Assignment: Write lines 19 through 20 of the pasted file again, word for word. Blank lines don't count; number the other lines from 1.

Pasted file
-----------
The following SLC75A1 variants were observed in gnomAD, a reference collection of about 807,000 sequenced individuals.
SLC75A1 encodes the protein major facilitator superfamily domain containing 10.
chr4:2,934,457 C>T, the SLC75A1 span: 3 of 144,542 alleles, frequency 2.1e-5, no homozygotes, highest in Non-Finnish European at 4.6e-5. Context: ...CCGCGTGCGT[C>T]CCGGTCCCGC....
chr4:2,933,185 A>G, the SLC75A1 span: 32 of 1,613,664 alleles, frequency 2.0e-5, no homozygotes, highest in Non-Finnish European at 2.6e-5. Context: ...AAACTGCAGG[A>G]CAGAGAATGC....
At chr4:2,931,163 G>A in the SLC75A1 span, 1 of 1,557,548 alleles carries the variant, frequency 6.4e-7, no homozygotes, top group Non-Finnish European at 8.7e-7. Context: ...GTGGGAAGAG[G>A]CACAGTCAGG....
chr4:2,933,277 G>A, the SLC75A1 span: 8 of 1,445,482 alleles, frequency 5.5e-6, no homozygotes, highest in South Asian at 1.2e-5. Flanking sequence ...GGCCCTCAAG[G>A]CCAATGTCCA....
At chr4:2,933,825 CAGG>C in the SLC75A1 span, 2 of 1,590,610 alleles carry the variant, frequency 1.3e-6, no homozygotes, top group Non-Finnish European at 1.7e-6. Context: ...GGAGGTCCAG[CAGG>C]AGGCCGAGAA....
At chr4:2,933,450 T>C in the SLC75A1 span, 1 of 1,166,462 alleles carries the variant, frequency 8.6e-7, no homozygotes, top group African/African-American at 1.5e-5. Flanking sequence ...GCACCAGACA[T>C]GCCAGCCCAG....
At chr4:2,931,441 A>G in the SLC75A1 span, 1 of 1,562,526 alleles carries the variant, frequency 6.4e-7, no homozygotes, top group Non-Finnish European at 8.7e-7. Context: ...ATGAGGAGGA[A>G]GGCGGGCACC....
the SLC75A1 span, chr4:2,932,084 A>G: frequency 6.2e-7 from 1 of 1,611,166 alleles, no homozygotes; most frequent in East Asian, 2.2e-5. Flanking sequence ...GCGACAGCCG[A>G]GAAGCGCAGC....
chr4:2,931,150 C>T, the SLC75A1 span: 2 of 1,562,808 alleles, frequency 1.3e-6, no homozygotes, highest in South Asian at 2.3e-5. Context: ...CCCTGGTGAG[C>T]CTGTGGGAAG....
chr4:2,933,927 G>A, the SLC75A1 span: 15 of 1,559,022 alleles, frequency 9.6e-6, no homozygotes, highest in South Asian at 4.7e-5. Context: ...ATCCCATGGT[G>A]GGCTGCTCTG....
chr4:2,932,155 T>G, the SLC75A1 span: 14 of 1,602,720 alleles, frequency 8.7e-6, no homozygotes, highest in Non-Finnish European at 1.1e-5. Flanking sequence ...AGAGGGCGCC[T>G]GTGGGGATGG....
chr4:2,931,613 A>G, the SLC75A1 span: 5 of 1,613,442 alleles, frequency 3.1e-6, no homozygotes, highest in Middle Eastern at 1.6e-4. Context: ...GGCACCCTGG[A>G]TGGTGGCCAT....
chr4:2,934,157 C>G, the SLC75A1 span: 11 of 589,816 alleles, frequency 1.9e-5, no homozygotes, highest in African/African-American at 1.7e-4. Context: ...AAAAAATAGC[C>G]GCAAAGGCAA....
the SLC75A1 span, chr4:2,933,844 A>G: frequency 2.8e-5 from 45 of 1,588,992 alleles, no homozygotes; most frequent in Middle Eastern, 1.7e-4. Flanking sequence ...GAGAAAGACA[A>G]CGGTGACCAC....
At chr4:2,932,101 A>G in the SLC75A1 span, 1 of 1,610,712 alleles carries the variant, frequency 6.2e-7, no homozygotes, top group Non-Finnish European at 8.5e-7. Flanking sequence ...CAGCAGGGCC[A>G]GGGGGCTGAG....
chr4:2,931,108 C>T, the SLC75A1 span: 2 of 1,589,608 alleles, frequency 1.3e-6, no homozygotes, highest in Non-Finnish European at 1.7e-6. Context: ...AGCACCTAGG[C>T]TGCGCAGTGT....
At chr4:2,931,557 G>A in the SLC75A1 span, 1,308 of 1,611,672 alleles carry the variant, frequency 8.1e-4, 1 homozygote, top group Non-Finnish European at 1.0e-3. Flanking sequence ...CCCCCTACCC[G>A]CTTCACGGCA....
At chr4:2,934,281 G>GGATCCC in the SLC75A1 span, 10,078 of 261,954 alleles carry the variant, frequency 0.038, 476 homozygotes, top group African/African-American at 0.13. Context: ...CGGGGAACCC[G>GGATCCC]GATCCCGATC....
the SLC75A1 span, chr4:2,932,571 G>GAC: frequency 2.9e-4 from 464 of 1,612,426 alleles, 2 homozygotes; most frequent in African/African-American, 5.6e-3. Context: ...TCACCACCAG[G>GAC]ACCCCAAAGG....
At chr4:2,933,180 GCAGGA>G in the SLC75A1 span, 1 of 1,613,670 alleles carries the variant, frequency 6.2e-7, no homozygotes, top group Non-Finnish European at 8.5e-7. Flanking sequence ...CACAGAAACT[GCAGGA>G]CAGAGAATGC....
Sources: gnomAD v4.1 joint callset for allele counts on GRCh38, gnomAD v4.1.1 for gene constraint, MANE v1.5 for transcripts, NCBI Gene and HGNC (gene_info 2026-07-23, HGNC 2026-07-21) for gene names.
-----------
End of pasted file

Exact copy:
At chr4:2,931,557 G>A in the SLC75A1 span, 1,308 of 1,611,672 alleles carry the variant, frequency 8.1e-4, 1 homozygote, top group Non-Finnish European at 1.0e-3. Flanking sequence ...CCCCCTACCC[G>A]CTTCACGGCA....
At chr4:2,934,281 G>GGATCCC in the SLC75A1 span, 10,078 of 261,954 alleles carry the variant, frequency 0.038, 476 homozygotes, top group African/African-American at 0.13. Context: ...CGGGGAACCC[G>GGATCCC]GATCCCGATC....